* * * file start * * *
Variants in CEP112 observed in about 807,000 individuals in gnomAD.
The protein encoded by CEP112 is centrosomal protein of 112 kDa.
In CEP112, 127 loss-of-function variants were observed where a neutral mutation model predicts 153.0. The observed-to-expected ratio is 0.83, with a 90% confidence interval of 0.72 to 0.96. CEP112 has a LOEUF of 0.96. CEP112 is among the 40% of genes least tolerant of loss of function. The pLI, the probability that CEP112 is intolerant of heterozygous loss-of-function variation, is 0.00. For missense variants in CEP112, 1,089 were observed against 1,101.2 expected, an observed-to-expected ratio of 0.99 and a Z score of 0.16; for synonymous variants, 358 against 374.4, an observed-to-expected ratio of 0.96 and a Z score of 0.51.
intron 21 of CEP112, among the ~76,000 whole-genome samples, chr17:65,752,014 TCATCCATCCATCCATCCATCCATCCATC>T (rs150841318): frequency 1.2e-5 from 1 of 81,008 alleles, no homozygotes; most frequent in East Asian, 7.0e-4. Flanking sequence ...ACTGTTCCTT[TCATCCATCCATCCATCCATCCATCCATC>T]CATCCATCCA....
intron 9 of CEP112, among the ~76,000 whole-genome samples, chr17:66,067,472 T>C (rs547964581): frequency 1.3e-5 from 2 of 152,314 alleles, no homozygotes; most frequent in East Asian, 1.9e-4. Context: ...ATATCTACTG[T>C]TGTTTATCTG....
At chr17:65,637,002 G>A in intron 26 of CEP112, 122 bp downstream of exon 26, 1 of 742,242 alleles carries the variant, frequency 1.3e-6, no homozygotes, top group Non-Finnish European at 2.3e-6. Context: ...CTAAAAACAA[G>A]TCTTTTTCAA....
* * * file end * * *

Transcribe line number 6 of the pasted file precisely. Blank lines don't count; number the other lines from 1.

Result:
At chr17:65,637,002 G>A in intron 26 of CEP112, 122 bp downstream of exon 26, 1 of 742,242 alleles carries the variant, frequency 1.3e-6, no homozygotes, top group Non-Finnish European at 2.3e-6. Context: ...CTAAAAACAA[G>A]TCTTTTTCAA....